Self Defence: Can You Rely On Help?

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The Psychology of Escape” font_container=”tag:h1|font_size:36|text_align:center|color:%23000000″ google_fonts=”font_family:Droid%20Sans%3Aregular%2C700|font_style:400%20regular%3A400%3Anormal”][vc_single_image image=”6101″ img_size=”full” alignment=”center”][vc_column_text]

It’s a dark night and you are walking home alone.  You feel in deep in your bones that something is wrong. Are you being followed?

You walk that little bit quicker, cross the road but you know now you are in real danger.

So the question you ask yourself is do you carry on down the darkened road or do you head for the nearest group of people?

It’s a no brainer really – isn’t it!

Well the answer might surprise you!

There is a psychology to escape, and getting it wrong cost Catherine Genovese her life.

Relying on help failed Catherine

Let me take you back to March 1964 in Queen’s New York.  Catherine Genovese was walking home from work in the dark!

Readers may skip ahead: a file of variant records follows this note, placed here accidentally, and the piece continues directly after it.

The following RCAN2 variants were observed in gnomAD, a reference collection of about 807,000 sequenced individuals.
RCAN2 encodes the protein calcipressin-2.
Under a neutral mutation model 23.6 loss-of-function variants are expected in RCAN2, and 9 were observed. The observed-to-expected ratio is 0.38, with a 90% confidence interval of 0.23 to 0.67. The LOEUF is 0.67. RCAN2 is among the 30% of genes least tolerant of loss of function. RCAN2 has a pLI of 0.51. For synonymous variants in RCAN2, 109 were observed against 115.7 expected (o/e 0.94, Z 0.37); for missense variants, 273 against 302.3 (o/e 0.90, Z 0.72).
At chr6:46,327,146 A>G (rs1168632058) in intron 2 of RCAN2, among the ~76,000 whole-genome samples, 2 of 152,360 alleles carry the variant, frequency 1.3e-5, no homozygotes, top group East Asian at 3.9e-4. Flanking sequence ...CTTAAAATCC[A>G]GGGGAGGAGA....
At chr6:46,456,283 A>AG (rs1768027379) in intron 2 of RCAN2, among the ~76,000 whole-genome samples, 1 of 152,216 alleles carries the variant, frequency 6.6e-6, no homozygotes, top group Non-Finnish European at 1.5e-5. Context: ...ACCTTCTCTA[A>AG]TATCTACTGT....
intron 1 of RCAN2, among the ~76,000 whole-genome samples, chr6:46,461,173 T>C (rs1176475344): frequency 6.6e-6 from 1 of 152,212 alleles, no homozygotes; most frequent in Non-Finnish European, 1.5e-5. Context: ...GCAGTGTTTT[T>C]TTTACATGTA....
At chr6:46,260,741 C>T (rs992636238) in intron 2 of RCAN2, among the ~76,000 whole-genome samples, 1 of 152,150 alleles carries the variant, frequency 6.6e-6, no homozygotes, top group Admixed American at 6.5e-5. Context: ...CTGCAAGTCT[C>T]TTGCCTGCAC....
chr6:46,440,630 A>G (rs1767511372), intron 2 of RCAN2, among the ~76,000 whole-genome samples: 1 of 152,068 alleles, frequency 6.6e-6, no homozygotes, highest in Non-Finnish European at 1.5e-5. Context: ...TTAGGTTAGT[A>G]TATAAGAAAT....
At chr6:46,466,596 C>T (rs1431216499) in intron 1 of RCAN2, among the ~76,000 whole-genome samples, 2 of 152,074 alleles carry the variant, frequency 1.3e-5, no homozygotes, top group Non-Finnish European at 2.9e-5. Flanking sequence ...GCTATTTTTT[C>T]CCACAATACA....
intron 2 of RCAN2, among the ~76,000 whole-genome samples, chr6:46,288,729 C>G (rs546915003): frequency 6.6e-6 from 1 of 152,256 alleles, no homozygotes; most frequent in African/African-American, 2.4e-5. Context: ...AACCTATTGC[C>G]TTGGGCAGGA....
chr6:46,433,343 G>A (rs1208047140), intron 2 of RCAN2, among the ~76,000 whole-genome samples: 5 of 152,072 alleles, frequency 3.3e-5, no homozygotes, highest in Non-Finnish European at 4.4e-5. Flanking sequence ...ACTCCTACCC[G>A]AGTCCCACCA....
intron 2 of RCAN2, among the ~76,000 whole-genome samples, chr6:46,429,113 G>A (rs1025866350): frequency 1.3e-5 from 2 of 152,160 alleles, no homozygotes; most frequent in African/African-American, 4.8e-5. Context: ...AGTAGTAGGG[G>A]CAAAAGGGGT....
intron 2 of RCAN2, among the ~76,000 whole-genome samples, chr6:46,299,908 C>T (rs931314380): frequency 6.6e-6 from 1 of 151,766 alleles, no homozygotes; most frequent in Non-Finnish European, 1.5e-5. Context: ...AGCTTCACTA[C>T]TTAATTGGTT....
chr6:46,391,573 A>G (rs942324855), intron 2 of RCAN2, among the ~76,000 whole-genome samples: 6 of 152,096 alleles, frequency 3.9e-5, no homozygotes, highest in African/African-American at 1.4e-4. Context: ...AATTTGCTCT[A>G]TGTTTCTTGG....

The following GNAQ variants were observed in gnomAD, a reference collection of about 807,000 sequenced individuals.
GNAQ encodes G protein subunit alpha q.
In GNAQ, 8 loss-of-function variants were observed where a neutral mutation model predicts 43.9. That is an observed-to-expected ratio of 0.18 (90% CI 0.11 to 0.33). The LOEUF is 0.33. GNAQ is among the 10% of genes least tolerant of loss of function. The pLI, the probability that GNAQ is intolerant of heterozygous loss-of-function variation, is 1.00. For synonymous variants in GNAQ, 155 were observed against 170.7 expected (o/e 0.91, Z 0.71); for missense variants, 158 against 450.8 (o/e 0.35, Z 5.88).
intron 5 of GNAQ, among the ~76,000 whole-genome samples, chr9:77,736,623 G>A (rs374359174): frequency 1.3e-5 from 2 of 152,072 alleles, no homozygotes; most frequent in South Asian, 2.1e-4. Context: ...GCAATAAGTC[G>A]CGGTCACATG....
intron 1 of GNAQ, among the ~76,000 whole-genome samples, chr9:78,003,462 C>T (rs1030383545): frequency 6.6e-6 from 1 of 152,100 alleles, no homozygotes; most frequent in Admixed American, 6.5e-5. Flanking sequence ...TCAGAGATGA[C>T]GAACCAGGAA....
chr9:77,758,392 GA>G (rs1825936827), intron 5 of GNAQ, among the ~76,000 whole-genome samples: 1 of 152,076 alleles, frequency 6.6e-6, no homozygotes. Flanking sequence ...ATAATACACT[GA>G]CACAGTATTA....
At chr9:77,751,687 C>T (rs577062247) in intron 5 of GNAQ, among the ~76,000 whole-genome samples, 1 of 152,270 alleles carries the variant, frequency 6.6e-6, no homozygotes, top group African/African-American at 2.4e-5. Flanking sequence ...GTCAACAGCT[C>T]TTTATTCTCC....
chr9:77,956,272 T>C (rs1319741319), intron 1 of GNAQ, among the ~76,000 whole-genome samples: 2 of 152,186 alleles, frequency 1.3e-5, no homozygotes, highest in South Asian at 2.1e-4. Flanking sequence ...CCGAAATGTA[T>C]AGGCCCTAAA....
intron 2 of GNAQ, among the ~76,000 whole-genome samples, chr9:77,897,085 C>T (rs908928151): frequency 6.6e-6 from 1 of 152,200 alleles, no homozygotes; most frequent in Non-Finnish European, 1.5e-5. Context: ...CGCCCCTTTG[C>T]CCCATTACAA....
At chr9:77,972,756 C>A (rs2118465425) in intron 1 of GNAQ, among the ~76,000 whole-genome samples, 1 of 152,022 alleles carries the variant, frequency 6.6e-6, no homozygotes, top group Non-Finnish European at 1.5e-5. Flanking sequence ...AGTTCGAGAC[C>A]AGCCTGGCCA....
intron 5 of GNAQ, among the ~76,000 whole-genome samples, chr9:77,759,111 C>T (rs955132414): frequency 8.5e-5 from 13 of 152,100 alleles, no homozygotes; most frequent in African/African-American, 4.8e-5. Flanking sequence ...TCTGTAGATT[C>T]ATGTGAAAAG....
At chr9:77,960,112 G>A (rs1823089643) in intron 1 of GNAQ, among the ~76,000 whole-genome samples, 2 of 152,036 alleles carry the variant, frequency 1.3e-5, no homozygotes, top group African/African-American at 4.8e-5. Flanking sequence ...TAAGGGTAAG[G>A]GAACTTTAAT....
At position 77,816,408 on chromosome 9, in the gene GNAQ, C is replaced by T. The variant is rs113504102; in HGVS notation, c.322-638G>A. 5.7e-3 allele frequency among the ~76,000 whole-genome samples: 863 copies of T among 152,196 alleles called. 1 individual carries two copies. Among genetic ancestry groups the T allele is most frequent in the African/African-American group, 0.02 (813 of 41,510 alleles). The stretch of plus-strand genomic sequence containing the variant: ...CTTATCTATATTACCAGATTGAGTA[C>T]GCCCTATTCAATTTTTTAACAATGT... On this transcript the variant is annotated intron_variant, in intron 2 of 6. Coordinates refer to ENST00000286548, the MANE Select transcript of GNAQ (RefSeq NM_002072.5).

Sounds familiar?

Well Catherine headed to her neighbourhood and thought she was safe.  In actual fact she was the victim of a long, loud, drawn out and very public death which lasted 35 mins and was overheard by 38 of her neighbours ‘good people’ who all failed to help her and in fact only rang the police after she had been stabbed to death.

How can ‘good people’ fail to act?

This is where psychology enters.  The authorities at the time assumed that no-one helped Catherine because of apathy.

Just another girl murdered in Queen’s, it happens everyday!

We are conditioned to not get involved

When we look further into this we can see something even more disturbing at work here.  Psychology tells us that

  • Personal responsibility is reduced. So, if there are a group of people able to take action, people in the group assume someone else has taken action so they don’t have to
  • Social Proof. The group will look to see what everyone else is doing and take their cue from them.  So, if no one else is panicking or taking action then the rest of the group will follow suit.

This is how 38 people failed to act to help Catherine and save her life.  So, now we know how the psychology of safety in numbers can work against us.

Find out the best chance you have to get people to act when you need them.

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